In these photographs with Mike Stacey, Lauren Michelle sees her role as a muse as an extension of her independent artistry, using her body as another medium to express and hold emotion. Instead of perfecting and rehearsing precise posing, the method commonly found in commercial modelling practices, Lauren moves with a dance-like quality, and leaves room for creative error. She uses an internal awareness of mood as well as her body’s position in space, to relay connect between her body and face, to location and context, and back to the viewer.
Quiet hours. Long hours. Empty hours. Day to day existence. Waiting, for something to happen. Empty rooms, house mates at work, the world at work. The day proceeds, event-less. The week, month and year proceeds similarly. Friends can become distanced, either through lack of awareness of depression and how to deal with a suffering friend. Agoraphobia can easily develop, the fear of going outside of the familiar home environment. Expressing how one feels to friends is usually avoided due to the associated shame or fear that friends either won’t understand or will even abandon the friendship.
Our connection. Our front. Our face.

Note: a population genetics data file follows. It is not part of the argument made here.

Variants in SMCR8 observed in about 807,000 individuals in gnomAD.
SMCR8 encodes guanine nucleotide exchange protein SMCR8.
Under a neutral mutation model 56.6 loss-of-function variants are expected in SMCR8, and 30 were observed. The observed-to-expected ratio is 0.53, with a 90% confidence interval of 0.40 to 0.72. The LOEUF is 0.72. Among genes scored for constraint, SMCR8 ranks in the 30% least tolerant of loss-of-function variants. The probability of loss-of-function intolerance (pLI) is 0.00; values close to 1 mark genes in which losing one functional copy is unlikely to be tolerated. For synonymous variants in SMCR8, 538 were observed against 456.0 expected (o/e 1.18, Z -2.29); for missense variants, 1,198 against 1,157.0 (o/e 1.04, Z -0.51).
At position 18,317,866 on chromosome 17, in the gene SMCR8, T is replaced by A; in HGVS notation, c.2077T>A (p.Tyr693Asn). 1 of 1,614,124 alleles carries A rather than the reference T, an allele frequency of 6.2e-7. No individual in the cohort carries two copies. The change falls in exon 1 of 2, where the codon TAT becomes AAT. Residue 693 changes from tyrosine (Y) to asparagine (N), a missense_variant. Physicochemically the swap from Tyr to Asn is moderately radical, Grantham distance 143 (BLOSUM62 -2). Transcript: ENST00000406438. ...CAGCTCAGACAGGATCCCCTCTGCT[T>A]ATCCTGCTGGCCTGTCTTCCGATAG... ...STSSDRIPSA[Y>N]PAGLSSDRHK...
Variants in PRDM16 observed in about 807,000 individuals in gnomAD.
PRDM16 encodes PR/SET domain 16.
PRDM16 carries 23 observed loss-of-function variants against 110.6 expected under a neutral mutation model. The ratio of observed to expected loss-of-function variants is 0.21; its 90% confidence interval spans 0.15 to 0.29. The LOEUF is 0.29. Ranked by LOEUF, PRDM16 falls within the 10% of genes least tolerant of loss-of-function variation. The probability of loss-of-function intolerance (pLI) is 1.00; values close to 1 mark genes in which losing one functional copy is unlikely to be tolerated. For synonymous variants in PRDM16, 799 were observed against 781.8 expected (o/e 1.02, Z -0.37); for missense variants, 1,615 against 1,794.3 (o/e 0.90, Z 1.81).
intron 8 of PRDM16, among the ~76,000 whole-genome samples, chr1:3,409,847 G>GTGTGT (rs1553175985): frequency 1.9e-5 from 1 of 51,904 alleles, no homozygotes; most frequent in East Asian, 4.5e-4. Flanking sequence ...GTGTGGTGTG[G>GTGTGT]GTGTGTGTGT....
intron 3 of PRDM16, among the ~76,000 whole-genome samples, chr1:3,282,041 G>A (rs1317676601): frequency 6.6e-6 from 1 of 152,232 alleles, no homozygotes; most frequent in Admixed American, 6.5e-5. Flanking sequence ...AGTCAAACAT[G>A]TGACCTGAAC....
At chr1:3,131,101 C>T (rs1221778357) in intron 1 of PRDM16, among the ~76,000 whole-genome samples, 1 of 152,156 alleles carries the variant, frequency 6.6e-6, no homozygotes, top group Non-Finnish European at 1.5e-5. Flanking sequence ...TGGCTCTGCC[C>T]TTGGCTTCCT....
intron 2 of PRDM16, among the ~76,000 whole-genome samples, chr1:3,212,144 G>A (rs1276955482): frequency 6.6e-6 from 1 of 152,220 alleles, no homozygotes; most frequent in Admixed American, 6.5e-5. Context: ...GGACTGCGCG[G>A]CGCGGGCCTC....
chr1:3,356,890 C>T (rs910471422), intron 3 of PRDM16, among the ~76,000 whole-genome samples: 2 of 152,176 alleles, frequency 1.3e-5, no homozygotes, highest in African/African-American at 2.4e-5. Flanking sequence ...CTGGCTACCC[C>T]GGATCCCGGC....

Sometimes a veil, sometimes a direct and revealing insight. Often appearing fine and well on the outside, via highly developed mechanisms for veiling true feelings of shame and fear. Feelings of numbness and nothing, staring blankly without purpose. Privacy brings a lifting of the veil - facing away from light into shadow, head turned against the wall - resigned to this. And facing toward the light, window gazing, searching for answers, to this.
Fingers, hands, feet, legs, ribs… all reflect our self in some way. Nude vulnerability, hands curled, face hidden, retreat from the day. Thinking in endless circles, trying to find a way, a way to be, to be part of things. Twisted torso inner turmoil surfaces cyclically and dominates. Wrists upturned, towards surrender, giving up, limp. Internal organs; liver, lungs. Scars, bruises and tattoos insights into inner state and methods of expression through body.
Modern society provides little room for emotional expression. “Don’t be so emotional”. “Don’t get mad, get even”. We’re not taught how to deal with many of our emotions, other than to try and suppress them. It appears that most depression involves the numbing of emotions, especially grief, fear, anger and shame.